The issue with a stool test for parasites, is this: what if there are no cysts or parasites in that particular sample? All parasites have a life cycle, and some (like borrelia)  leave the gut and travel to other areas of the body.


Conventional Treatment of Giardia

The primary approach from a licensed car practitioner may be medications in the form of anti-parasitics. Maybe you’ve gone though this and your lingering digestive symptoms have you wondering if you’re truly rid of Giardia and gut health issues. Or, you may be wanting to approach this parasite with something natural. to make sure you’ve covered all your bases.

Some of the conventional methods may be necessary, and they can include:


In cases of diarrhea, you may become dehydrated. We all need proper hydration, and minerals, to keep electrolytes and fluids properly balanced.

Nutritional Support

Lingering symptoms can affect the balance and absorption of nutrients. Consuming bone broth can help with easily absorbable amino acids, and minerals, while providing that necessary hydration. Ginger tea can help with your gut lining. It is also a natural, gentle anti-parasitic.


As we’ve mentioned, the balance of your gut bacteria influence the kinds of invaders that can take hold in your gut. Yes, conventional and integrative support of Giardia and gut health can (and should)  include probiotics! Probiotics are an important part of keeping that bacteria balanced. We have a few to select from including Symbiome, Flora Syntropy and ProDefense.

Probiotics, which are beneficial bacteria that promote gut health, may be used to help restore the balance of the gut microbiome after a Giardia infection.


Prevention of Giardia Transmission

Water Safety

To reduce the risk of giardia and gut health issues, it is crucial to practice proper water safety. This includes treating or filtering drinking water from untreated sources, avoiding swallowing water when swimming in recreational water sources, and not using contaminated water for cooking or washing dishes.

Food Safety

Practicing good food hygiene can help prevent giardia and gut health issues. This includes washing fruits and vegetables, cooking meat thoroughly, and avoiding raw or undercooked food items that may be contaminated.

Hand Hygiene

Regular hand washing with soap and water can help prevent the spread of giardia, particularly after using the restroom, changing diapers, or handling animals.

Pet Care

Regularly cleaning up after pets and ensuring they have access to clean water can help reduce the risk of giardia transmission from animals to humans.

Gut Health and Giardia: What’s The Connection?

We know now that your intestinal bacteria play a huge role in the balance of your body. We call it homeostasis. It’s important to your overall health. When there is dis-ease in the digestive system, one thing that gets altered is the bacteria make up. Giardia itself interacts with your gut bacteria, both directly and indirectly, and changes your immune response, and your mucosal lining.

The mucosal lining of your gut is very important.

Giardia can even change pain signaling, and a lot of the aftermath of these critters can remain in the gut, long after the Giardia is gone (1).

If your gut bacteria is already challenged, otherwise known as some form of dysbiosis, from chronic illness, stress, or medication, then the virulence of Giardia is amplified.

Impaired Nutrient Absorption

One of the most significant consequences of giardia and gut health is impaired nutrient absorption. The damage caused by the parasite to the intestinal lining can lead to difficulty absorbing essential nutrients, such as vitamins and minerals.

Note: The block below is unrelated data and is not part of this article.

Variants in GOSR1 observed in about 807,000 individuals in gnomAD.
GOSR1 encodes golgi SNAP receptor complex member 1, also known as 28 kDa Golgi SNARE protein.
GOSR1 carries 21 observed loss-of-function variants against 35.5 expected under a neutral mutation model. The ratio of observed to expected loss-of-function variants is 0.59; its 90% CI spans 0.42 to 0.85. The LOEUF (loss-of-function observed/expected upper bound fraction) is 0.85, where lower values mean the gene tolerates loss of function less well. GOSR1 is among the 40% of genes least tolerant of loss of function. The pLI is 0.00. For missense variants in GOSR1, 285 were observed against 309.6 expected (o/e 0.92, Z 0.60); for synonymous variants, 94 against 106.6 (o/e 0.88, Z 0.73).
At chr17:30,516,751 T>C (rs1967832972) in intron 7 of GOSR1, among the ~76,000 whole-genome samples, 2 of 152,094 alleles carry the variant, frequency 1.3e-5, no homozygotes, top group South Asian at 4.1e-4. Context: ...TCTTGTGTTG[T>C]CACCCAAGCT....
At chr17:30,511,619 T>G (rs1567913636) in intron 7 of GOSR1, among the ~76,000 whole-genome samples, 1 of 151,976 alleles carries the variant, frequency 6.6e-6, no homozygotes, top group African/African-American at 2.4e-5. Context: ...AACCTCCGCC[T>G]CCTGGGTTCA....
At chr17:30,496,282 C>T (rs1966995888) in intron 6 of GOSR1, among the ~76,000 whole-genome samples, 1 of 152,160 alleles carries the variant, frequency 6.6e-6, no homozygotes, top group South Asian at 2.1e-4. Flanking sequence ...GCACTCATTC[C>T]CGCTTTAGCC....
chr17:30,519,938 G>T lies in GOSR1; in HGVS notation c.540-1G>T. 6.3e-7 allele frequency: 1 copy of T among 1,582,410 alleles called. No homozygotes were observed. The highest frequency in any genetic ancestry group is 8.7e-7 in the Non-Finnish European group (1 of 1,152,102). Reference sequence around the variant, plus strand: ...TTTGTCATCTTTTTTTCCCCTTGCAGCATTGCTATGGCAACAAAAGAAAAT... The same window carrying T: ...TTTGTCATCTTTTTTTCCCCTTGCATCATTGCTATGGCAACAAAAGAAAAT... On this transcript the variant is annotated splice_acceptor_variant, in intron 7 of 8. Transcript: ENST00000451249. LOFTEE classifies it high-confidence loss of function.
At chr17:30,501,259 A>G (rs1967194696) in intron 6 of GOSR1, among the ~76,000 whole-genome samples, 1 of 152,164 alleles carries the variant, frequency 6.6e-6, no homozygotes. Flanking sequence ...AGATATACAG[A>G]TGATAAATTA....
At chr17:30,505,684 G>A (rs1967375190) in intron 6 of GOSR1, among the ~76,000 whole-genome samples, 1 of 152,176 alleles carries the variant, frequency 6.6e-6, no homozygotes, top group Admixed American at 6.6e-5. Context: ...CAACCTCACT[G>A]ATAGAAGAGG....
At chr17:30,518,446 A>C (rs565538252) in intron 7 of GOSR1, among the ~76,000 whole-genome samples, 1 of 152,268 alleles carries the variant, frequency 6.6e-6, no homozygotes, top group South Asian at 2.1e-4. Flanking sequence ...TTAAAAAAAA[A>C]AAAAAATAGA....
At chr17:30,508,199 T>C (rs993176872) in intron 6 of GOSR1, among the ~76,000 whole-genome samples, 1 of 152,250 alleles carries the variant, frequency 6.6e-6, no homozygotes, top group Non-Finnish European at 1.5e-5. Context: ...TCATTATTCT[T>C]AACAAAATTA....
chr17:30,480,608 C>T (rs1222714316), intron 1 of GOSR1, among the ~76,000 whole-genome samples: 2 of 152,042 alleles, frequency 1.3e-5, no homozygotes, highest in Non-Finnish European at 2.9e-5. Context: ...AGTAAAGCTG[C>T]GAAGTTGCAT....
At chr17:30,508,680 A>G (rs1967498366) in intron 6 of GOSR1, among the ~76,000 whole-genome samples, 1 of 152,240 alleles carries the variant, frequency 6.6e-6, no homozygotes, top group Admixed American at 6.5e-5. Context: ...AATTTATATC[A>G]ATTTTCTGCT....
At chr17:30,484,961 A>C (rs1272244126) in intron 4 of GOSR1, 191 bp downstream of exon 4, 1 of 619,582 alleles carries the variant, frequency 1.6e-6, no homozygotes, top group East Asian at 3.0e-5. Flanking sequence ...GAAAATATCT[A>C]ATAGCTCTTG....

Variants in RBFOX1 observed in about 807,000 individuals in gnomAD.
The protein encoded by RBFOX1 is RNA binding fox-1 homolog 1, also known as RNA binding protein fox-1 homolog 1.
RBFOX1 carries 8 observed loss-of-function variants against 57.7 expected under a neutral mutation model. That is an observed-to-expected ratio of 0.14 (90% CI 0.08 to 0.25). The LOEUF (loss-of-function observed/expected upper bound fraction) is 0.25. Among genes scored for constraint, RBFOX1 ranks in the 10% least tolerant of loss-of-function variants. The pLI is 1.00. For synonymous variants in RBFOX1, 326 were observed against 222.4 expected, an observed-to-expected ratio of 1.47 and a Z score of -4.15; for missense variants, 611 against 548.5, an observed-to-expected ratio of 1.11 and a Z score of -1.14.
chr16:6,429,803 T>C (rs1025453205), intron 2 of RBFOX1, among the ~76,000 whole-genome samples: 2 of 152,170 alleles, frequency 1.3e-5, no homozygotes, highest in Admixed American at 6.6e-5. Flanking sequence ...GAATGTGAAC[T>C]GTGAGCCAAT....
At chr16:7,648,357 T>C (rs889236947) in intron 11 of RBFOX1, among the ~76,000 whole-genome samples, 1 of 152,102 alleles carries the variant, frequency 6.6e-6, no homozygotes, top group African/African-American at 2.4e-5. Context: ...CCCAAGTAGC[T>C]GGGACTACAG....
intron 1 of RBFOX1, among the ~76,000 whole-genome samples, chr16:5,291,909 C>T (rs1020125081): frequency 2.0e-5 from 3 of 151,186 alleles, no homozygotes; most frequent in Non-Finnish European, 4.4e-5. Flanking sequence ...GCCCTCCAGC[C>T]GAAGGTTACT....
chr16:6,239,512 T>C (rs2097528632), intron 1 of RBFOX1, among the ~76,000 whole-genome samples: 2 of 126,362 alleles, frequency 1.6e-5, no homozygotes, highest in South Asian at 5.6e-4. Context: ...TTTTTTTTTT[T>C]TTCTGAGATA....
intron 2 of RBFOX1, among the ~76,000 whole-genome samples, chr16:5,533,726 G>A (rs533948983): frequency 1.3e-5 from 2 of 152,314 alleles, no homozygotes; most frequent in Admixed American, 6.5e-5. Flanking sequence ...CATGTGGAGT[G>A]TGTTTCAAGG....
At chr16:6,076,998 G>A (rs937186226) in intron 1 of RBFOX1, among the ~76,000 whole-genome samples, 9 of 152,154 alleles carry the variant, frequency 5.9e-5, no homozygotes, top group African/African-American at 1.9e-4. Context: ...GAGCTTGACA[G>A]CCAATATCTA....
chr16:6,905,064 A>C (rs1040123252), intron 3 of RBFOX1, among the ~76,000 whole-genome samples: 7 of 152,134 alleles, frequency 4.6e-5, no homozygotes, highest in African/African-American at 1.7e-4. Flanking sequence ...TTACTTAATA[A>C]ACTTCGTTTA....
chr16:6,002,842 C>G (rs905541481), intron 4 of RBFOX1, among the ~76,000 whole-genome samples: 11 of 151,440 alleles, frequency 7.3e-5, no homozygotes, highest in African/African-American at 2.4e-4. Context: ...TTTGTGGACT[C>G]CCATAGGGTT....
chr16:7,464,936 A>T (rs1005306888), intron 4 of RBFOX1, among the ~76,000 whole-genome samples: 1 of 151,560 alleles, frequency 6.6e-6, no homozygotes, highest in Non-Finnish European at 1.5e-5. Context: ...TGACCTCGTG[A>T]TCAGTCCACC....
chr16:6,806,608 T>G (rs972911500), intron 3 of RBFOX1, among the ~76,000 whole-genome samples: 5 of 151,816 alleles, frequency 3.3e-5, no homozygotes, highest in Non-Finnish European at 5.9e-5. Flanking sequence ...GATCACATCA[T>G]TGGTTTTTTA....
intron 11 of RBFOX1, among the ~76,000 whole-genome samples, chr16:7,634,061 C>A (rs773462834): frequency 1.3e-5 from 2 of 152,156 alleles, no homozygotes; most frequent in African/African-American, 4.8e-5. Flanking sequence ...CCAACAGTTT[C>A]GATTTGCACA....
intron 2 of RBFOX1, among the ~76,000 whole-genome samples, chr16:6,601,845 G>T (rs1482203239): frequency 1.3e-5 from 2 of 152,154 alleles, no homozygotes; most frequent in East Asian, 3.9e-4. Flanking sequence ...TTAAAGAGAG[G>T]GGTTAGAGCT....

Altered Gut Microbiome

Giardia infection can also disrupt the balance of the gut microbiome, leading to an overgrowth of harmful bacteria and a decrease in beneficial bacteria. This imbalance can contribute to ongoing gastrointestinal symptoms even after the giardia infection has been treated.

Increased Risk of Other Gastrointestinal Conditions

Individuals who have experienced giardiasis may be at an increased risk of developing other gastrointestinal conditions, such as irritable bowel syndrome (IBS) or inflammatory bowel disease (IBD).

Ultimately, caring for your gut any time, is supportive.

You never know when you might be exposed to a parasite like Giardia and gut health issues.

Keeping your gut health supported enhances you ability to fight off parasites, absorb nutrients needed for all your cellular functions and even support your mental health. Gut health is critical in the entire process of creating balanced health.

Understanding the impact of giardia and gut health is essential for preventing, and helping yourself,  if this common parasite shows up on your energetic, or physical, radar.

By practicing good hygiene and being aware of the risks associated with contaminated food and water sources, it is possible to reduce the likelihood of giardia and gut health issues. If you suspect you may have been in contact with Giardia and gut health is a concern, seek support from a licensed practitioner, and consider a Full Scan to support all your body systems while going through this challenge.


DISCLAIMER: Balanced Health, LLC/CBH Energetics and any parent, subsidiary, affiliated or related entities and companies do not provide medical advice or services. The bioenergetic products and services offered by Balanced Health, LLC/CBH Energetics including, but not limited to, bioenergetic tests, bioenergetic scans, bioenergetic reports and related products and services (collectively the “Bioenergetic Products and Services”) and this post is designed for educational and informational purposes only and are not intended to diagnose, treat, cure, or prevent any disease, condition, complaint, illness or medical condition and are not a substitute for professional services or medical advice. Seek the advice of a physician or other qualified healthcare professional with any questions you may have.